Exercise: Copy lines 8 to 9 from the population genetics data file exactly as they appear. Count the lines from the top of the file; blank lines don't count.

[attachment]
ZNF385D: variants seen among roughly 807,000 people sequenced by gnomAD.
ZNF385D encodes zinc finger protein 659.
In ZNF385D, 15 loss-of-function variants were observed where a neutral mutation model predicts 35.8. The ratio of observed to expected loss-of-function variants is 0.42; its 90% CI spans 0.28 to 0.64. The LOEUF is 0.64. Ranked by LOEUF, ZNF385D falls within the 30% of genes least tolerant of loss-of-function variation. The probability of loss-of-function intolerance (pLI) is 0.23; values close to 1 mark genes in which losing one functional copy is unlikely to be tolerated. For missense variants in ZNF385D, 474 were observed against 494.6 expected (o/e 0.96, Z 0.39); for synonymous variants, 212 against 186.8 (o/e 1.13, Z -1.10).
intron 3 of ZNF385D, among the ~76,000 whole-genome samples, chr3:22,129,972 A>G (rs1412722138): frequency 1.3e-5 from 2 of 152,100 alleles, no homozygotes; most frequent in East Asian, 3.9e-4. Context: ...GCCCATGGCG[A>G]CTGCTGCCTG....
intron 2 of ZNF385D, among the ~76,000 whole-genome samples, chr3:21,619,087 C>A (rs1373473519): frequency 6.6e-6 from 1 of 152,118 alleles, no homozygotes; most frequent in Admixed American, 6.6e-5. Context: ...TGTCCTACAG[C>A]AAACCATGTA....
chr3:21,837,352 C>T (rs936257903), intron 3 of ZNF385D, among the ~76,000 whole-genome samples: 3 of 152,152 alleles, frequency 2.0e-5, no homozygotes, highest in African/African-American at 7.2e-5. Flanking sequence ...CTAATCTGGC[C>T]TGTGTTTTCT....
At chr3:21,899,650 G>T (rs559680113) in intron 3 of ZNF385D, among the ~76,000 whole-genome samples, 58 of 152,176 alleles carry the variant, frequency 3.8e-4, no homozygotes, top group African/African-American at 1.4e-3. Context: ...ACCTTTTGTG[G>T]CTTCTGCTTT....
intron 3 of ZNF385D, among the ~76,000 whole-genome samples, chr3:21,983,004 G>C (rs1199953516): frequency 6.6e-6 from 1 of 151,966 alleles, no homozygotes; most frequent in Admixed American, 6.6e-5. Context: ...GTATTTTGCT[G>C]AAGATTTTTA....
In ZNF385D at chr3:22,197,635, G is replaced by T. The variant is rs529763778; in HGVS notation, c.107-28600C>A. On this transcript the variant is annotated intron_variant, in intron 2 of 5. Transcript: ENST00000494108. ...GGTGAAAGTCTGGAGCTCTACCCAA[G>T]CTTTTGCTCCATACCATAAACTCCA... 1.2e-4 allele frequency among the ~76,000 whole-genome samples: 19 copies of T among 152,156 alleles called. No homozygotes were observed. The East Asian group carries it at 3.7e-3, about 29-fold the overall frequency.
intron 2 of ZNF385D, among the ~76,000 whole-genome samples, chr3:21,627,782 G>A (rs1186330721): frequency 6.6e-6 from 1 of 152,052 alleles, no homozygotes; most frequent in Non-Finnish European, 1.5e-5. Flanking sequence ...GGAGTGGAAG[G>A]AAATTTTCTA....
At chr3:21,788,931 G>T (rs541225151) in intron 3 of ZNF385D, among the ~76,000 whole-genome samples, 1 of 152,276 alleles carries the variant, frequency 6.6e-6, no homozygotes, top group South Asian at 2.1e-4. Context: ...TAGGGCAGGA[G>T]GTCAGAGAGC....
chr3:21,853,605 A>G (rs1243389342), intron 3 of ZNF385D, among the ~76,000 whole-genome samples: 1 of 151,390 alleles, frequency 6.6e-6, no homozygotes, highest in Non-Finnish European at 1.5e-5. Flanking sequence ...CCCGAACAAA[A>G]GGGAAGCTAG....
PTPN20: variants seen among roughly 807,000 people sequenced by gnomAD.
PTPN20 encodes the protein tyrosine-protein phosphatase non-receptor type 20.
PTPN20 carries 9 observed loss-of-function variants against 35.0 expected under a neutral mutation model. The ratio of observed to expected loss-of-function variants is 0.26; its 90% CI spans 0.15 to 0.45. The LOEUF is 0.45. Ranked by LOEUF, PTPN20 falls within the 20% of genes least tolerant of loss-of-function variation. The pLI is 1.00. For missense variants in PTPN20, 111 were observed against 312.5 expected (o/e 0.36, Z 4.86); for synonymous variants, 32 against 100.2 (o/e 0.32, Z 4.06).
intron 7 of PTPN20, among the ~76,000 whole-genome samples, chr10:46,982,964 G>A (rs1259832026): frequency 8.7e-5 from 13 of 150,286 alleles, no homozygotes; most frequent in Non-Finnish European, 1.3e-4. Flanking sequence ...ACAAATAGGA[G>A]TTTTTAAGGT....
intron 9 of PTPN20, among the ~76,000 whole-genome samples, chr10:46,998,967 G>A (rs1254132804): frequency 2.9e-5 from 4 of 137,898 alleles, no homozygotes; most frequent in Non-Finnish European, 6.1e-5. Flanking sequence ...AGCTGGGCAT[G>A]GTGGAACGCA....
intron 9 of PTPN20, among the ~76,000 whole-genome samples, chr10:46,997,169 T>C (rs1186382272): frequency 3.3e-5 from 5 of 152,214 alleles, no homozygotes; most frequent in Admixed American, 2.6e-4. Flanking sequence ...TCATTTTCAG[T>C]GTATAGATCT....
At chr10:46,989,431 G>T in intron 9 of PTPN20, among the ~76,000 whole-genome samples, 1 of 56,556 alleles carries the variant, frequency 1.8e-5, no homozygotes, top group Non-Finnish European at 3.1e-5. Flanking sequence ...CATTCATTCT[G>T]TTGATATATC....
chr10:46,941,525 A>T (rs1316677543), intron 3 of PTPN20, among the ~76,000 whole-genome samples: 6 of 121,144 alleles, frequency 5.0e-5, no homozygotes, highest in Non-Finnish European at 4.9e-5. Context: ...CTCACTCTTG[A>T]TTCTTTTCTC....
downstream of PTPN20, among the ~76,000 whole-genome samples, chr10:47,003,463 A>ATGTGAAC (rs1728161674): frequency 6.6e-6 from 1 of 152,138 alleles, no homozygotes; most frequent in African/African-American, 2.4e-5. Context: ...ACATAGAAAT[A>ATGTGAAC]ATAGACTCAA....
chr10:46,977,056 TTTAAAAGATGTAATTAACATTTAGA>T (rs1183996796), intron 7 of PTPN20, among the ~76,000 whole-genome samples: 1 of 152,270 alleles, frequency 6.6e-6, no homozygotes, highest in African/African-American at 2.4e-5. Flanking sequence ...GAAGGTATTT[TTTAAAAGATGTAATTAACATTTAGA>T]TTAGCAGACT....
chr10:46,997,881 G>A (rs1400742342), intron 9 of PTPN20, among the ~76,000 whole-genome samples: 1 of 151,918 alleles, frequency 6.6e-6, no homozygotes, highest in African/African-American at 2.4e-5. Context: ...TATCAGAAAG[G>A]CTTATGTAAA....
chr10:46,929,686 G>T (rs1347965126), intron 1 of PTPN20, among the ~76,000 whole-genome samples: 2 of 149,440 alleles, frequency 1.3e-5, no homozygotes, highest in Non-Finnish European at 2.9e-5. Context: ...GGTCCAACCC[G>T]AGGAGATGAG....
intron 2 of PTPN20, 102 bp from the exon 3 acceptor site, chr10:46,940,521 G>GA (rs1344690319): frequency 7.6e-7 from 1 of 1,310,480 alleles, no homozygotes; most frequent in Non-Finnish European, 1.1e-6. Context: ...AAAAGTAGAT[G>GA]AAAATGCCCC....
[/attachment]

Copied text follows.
intron 3 of ZNF385D, among the ~76,000 whole-genome samples, chr3:21,983,004 G>C (rs1199953516): frequency 6.6e-6 from 1 of 151,966 alleles, no homozygotes; most frequent in Admixed American, 6.6e-5. Context: ...GTATTTTGCT[G>C]AAGATTTTTA....
In ZNF385D at chr3:22,197,635, G is replaced by T. The variant is rs529763778; in HGVS notation, c.107-28600C>A. On this transcript the variant is annotated intron_variant, in intron 2 of 5. Transcript: ENST00000494108. ...GGTGAAAGTCTGGAGCTCTACCCAA[G>T]CTTTTGCTCCATACCATAAACTCCA... 1.2e-4 allele frequency among the ~76,000 whole-genome samples: 19 copies of T among 152,156 alleles called. No homozygotes were observed. The East Asian group carries it at 3.7e-3, about 29-fold the overall frequency.